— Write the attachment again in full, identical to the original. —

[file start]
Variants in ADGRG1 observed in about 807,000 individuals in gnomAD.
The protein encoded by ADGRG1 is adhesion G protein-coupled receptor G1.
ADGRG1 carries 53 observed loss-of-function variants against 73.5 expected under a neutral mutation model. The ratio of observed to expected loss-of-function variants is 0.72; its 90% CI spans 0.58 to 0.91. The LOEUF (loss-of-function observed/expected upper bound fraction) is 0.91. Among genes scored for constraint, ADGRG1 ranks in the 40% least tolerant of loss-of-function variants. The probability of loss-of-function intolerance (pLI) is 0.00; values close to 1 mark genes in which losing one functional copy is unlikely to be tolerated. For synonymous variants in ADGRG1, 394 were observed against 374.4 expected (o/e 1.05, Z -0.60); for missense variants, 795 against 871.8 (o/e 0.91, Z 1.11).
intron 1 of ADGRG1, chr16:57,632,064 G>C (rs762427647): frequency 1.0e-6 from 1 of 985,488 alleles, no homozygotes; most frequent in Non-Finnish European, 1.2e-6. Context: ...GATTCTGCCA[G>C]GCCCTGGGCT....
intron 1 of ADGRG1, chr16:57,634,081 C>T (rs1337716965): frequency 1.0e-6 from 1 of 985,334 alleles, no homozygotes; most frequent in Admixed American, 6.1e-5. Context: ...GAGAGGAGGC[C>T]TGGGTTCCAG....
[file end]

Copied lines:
Variants in ADGRG1 observed in about 807,000 individuals in gnomAD.
The protein encoded by ADGRG1 is adhesion G protein-coupled receptor G1.
ADGRG1 carries 53 observed loss-of-function variants against 73.5 expected under a neutral mutation model. The ratio of observed to expected loss-of-function variants is 0.72; its 90% CI spans 0.58 to 0.91. The LOEUF (loss-of-function observed/expected upper bound fraction) is 0.91. Among genes scored for constraint, ADGRG1 ranks in the 40% least tolerant of loss-of-function variants. The probability of loss-of-function intolerance (pLI) is 0.00; values close to 1 mark genes in which losing one functional copy is unlikely to be tolerated. For synonymous variants in ADGRG1, 394 were observed against 374.4 expected (o/e 1.05, Z -0.60); for missense variants, 795 against 871.8 (o/e 0.91, Z 1.11).
intron 1 of ADGRG1, chr16:57,632,064 G>C (rs762427647): frequency 1.0e-6 from 1 of 985,488 alleles, no homozygotes; most frequent in Non-Finnish European, 1.2e-6. Context: ...GATTCTGCCA[G>C]GCCCTGGGCT....
intron 1 of ADGRG1, chr16:57,634,081 C>T (rs1337716965): frequency 1.0e-6 from 1 of 985,334 alleles, no homozygotes; most frequent in Admixed American, 6.1e-5. Context: ...GAGAGGAGGC[C>T]TGGGTTCCAG....